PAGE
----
Prosecutors would not say whether there are charges pending against any school district employees who allegedly witnessed or received complaints from parents but did not go to police as mandated by law, before parents sparked the police investigation in January.
"All aspects of this case are still being investigated," said senior Deputy District Attorney Nancy Georgiou.
Defense attorney Elizabeth Grossman described Allen-Caulboy as a "thoughtful, compassionate, hardworking, caring and sensitive human being" who received no prior complaints in her 11 years of teaching.
The defendant was accompanied to court with her family and a former colleague at John Muir Elementary School in Antioch, where Allen-Caulboy taught autistic students in 2011.
"This is a person who very much wants to address these charges," Grossman told the judge, later adding, "I have a lot to say about whether (the DA) will prevail on these counts."
Judge Nancy Davis Stark ordered Allen-Caulboy to electronic house arrest until she can post a $200,000 property bond. The judge further ordered Allen-Caulboy not to teach or care for any minors and issued a restraining order barring any contact with the alleged victims and witnesses in the case.
Allen-Caulboy is scheduled to return to court on Aug. 12 to post bond and enter her plea to the charges.

Sunday, August 4, 2013

Jake's SSI

We had a hearing before a judge and he denied Jake’s SSI.  Below is part of his report.

The claimant has the following severe impairments: autistic disorder, Asperger syndrome, attention deficit hyperactivity disorder.

Per report, the claimant was, at various points in his childhood, diagnosed with pervasive developmental disorder, Asperger syndrome, and autistic disorder.

In early 2009, Tracy Orchester conducted an EXTENSIVE psychological evaluation and diagnosed him with autistic disorder and attention deficit hyperactivity disorder.  She spent many hours with and came to know him.

The claimant was referred to Susan Barngrover, Ph.D., who conducted a FIFTEEN MINUTE examination of his mental status and ability to manage funds.  Based on the claimant’s performance of relatively high functioning, Dr. Barngrover’s diagnostic impression was that the claimant had “long-standing Asperger rather than full blown autism”.  This despite the fact that Dr. Orchester’s report stated that it might appear that Jake has Asperger syndrome, but in fact he has autism.  His PCP stated in his report that the claimant has full syndrome of autism.  Children’s Mercy also conducted an evaluation and found that he did not have Asperger’s Syndrome, but in fact was autistic.  The only person that concluded that he had Asperger’s Syndrome was the person that only spent FIFTEEN MINUTES with him.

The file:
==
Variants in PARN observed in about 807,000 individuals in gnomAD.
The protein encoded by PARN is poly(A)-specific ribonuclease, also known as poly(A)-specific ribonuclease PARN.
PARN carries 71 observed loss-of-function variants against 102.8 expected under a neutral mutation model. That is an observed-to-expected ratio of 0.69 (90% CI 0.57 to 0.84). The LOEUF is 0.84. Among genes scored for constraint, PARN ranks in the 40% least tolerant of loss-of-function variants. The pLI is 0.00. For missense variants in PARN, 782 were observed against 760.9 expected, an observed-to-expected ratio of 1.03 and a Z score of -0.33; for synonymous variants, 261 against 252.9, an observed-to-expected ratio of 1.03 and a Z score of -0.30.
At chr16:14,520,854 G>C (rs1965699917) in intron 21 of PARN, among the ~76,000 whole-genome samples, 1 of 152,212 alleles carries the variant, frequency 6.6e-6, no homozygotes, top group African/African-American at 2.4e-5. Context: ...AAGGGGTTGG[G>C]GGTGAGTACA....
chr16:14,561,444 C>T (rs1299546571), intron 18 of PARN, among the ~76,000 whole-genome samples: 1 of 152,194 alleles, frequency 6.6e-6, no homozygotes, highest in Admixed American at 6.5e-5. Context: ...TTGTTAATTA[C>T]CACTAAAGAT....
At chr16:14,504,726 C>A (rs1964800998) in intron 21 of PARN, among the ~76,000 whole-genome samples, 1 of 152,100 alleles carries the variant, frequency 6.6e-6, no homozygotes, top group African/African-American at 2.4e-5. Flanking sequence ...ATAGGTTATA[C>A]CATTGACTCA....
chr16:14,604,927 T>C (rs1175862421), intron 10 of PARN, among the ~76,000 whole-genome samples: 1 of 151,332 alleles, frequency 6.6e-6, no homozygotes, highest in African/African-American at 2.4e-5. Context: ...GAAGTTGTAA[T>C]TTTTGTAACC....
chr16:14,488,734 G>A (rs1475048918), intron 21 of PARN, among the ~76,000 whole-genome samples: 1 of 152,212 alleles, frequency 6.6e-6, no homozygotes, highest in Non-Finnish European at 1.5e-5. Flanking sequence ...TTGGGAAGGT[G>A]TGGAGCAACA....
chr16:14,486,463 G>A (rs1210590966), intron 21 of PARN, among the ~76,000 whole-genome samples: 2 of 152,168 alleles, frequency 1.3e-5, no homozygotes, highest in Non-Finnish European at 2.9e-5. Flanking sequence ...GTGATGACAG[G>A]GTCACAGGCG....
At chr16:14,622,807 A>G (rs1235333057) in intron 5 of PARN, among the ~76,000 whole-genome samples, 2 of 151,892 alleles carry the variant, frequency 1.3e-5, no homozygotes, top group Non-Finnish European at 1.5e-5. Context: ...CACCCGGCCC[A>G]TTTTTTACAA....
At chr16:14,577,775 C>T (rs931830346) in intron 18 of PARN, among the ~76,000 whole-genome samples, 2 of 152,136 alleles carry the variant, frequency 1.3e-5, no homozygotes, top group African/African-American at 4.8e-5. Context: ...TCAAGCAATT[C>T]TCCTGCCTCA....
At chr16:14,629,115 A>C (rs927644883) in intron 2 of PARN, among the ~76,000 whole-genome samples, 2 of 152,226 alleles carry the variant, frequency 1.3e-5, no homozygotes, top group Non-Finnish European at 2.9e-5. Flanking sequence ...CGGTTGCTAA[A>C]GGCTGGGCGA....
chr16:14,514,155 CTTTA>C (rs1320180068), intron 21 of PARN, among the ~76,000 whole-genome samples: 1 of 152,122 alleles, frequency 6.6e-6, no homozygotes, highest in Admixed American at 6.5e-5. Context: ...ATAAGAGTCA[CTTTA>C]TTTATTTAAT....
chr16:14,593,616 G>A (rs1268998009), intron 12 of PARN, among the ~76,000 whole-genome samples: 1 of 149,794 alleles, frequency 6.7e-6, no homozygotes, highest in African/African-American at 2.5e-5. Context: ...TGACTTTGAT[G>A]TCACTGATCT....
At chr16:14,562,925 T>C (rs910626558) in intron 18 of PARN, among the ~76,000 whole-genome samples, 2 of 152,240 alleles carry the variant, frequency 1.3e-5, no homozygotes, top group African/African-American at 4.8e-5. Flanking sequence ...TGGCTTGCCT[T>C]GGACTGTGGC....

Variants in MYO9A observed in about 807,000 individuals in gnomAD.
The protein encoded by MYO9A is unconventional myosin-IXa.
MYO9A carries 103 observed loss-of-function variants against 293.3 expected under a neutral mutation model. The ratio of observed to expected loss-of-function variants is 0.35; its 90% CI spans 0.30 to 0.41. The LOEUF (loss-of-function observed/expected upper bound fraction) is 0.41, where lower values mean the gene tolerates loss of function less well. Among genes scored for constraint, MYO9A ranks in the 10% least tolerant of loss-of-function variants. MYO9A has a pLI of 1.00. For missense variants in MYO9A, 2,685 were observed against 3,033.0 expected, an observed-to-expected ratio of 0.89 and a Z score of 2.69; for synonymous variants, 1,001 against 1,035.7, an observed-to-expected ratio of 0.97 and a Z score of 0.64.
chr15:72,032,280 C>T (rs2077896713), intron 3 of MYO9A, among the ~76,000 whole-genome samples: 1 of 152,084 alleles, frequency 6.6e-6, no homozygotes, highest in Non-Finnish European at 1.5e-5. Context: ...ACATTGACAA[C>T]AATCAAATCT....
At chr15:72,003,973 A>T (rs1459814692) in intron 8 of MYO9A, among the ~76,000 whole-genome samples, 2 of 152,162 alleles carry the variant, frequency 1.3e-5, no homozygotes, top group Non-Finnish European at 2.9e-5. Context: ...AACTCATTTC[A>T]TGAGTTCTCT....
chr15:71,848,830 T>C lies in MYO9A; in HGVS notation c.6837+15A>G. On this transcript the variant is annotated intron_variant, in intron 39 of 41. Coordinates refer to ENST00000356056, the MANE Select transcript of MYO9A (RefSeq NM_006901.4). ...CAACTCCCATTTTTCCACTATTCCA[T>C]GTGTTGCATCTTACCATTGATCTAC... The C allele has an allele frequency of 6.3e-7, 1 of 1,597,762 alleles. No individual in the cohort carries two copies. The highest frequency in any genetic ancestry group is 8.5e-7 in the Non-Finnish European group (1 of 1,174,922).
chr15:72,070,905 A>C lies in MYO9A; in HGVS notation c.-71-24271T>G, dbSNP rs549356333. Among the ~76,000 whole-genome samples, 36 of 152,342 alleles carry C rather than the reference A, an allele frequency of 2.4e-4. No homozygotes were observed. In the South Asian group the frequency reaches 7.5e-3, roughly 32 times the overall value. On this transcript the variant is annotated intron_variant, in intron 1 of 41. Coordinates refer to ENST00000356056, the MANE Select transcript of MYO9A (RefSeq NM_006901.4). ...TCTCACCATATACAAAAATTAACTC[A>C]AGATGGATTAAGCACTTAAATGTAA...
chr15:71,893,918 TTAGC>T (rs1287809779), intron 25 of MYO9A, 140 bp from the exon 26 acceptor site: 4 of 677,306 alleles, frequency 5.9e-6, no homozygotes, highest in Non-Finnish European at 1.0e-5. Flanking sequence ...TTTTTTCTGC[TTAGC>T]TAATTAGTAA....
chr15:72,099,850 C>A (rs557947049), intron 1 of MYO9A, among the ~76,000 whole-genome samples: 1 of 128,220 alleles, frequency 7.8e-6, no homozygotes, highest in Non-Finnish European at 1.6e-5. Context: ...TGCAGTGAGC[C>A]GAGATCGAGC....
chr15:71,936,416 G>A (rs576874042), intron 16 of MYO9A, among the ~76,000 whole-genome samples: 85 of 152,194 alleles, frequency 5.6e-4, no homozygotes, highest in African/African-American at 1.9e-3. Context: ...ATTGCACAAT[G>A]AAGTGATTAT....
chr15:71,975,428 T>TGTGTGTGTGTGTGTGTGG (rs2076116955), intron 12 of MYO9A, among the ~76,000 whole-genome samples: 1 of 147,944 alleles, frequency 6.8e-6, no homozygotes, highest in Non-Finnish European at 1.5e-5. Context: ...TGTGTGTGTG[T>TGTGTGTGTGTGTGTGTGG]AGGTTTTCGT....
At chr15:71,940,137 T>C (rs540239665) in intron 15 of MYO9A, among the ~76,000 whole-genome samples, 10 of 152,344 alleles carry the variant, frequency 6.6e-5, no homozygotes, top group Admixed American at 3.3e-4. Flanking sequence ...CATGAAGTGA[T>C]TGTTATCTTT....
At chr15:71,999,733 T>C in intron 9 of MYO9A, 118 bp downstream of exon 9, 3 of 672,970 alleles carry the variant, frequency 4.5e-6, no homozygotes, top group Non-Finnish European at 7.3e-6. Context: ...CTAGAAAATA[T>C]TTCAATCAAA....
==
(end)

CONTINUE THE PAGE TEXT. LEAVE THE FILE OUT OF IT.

Throughout the hearing, the claimant gave thoughtful, well-considered responses and testimony.  The claimant did not display any discernible lack of social graces.  On the contrary, the claimant tended to demonstrate better than average social poise and communicative skills.  The claimant’s testimony also appeared to be exceptionally straightforward, candid, and unexaggerated. 

Dr. Orchester emphasized that she could “not make any kind of evaluation off his current abilities or limitations.”  Based on notes that she took in 2009, Dr. Orchester opined that the claimant, when he was 15 years old had marked limitations with interacting with other people and with performing at a reasonable pace and moderate limitations in handling simple instructions and making simple work-related decisions. 

The Vineland II scores were quite low.  However, the Vineland scale does not involve the testing of the claimant, but is based upon the subjective responses of claimant’s parents.  Dr. Barngrover’s diagnostic impression and the claimant’s responsive testimony demonstrated a much higher level of social functioning. 

The vocational expert testified that given all of these factors the individual would be able to perform the requirements of representative occupations such as:  stubber of which about 1,800 jobs exist in Missouri and library age of which about 1,000 jobs exist in Missouri. 

Sherri R. Tucker
Cofounder and President Lee's Summit Autism Support Group
Cofounder MOAFAA (Missouri Advocates for Families Affected by Autism)
In these days, it is doubtful that any child may reasonably be expected to succeed in life if he is denied the opportunity of an education.”
-Brown v. Board of Education, 347 U.S. 483 (1954)
“It is often easier to become outraged by injustice half a world away than by oppression and discrimination half a block from home.”― Carl T. Rowan

Risk factors for bullying among children with autism ... [Autism. 2013] - PubMed - NCBI

Risk factors for bullying among children with autism ... [Autism. 2013] - PubMed - NCBI

Risk factors for bullying among children with autism spectrum disorders.


1Johns Hopkins Bloomberg School of Public Health, USA.